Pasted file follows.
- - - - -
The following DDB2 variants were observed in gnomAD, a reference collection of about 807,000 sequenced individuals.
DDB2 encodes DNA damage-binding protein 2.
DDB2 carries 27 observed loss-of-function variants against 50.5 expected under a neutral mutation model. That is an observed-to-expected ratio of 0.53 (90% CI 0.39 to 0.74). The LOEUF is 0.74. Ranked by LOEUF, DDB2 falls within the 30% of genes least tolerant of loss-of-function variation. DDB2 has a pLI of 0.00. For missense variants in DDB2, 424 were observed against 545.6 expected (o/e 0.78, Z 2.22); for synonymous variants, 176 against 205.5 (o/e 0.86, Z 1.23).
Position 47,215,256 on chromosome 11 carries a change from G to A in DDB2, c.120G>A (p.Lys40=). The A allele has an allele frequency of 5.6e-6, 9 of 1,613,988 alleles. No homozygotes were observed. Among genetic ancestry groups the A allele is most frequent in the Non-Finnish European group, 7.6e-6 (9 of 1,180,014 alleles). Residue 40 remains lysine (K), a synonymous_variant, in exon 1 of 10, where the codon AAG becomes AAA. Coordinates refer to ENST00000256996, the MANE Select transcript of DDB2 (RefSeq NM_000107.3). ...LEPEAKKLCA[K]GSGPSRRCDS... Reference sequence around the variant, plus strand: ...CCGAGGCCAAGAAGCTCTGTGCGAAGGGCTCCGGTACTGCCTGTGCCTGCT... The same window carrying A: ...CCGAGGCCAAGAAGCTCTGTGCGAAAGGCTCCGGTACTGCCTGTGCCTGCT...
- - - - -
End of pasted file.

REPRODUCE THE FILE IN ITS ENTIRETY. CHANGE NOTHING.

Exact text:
The following DDB2 variants were observed in gnomAD, a reference collection of about 807,000 sequenced individuals.
DDB2 encodes DNA damage-binding protein 2.
DDB2 carries 27 observed loss-of-function variants against 50.5 expected under a neutral mutation model. That is an observed-to-expected ratio of 0.53 (90% CI 0.39 to 0.74). The LOEUF is 0.74. Ranked by LOEUF, DDB2 falls within the 30% of genes least tolerant of loss-of-function variation. DDB2 has a pLI of 0.00. For missense variants in DDB2, 424 were observed against 545.6 expected (o/e 0.78, Z 2.22); for synonymous variants, 176 against 205.5 (o/e 0.86, Z 1.23).
Position 47,215,256 on chromosome 11 carries a change from G to A in DDB2, c.120G>A (p.Lys40=). The A allele has an allele frequency of 5.6e-6, 9 of 1,613,988 alleles. No homozygotes were observed. Among genetic ancestry groups the A allele is most frequent in the Non-Finnish European group, 7.6e-6 (9 of 1,180,014 alleles). Residue 40 remains lysine (K), a synonymous_variant, in exon 1 of 10, where the codon AAG becomes AAA. Coordinates refer to ENST00000256996, the MANE Select transcript of DDB2 (RefSeq NM_000107.3). ...LEPEAKKLCA[K]GSGPSRRCDS... Reference sequence around the variant, plus strand: ...CCGAGGCCAAGAAGCTCTGTGCGAAGGGCTCCGGTACTGCCTGTGCCTGCT... The same window carrying A: ...CCGAGGCCAAGAAGCTCTGTGCGAAAGGCTCCGGTACTGCCTGTGCCTGCT...